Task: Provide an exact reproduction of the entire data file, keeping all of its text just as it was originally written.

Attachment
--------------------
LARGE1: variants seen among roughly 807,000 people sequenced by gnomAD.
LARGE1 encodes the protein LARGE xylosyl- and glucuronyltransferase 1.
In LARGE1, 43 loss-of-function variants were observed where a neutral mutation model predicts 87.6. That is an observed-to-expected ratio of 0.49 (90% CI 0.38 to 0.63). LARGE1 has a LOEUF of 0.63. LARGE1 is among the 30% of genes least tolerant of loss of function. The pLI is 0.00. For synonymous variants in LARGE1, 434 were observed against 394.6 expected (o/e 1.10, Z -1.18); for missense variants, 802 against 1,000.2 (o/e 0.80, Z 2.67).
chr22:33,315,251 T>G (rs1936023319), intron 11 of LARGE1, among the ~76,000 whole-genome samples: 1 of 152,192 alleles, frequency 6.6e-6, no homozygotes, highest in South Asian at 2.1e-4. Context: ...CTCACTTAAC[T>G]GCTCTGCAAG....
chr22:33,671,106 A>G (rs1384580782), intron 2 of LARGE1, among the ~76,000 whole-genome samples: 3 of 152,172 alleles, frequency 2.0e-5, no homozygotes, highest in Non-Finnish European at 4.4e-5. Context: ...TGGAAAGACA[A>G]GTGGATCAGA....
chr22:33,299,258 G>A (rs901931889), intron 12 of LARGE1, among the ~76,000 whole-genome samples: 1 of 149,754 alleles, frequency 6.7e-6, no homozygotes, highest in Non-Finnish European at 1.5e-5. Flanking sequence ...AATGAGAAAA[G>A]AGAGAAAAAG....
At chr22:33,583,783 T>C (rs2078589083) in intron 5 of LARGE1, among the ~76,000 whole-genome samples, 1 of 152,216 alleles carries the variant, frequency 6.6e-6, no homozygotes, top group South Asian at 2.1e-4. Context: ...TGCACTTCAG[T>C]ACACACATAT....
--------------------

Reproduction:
LARGE1: variants seen among roughly 807,000 people sequenced by gnomAD.
LARGE1 encodes the protein LARGE xylosyl- and glucuronyltransferase 1.
In LARGE1, 43 loss-of-function variants were observed where a neutral mutation model predicts 87.6. That is an observed-to-expected ratio of 0.49 (90% CI 0.38 to 0.63). LARGE1 has a LOEUF of 0.63. LARGE1 is among the 30% of genes least tolerant of loss of function. The pLI is 0.00. For synonymous variants in LARGE1, 434 were observed against 394.6 expected (o/e 1.10, Z -1.18); for missense variants, 802 against 1,000.2 (o/e 0.80, Z 2.67).
chr22:33,315,251 T>G (rs1936023319), intron 11 of LARGE1, among the ~76,000 whole-genome samples: 1 of 152,192 alleles, frequency 6.6e-6, no homozygotes, highest in South Asian at 2.1e-4. Context: ...CTCACTTAAC[T>G]GCTCTGCAAG....
chr22:33,671,106 A>G (rs1384580782), intron 2 of LARGE1, among the ~76,000 whole-genome samples: 3 of 152,172 alleles, frequency 2.0e-5, no homozygotes, highest in Non-Finnish European at 4.4e-5. Context: ...TGGAAAGACA[A>G]GTGGATCAGA....
chr22:33,299,258 G>A (rs901931889), intron 12 of LARGE1, among the ~76,000 whole-genome samples: 1 of 149,754 alleles, frequency 6.7e-6, no homozygotes, highest in Non-Finnish European at 1.5e-5. Flanking sequence ...AATGAGAAAA[G>A]AGAGAAAAAG....
At chr22:33,583,783 T>C (rs2078589083) in intron 5 of LARGE1, among the ~76,000 whole-genome samples, 1 of 152,216 alleles carries the variant, frequency 6.6e-6, no homozygotes, top group South Asian at 2.1e-4. Context: ...TGCACTTCAG[T>C]ACACACATAT....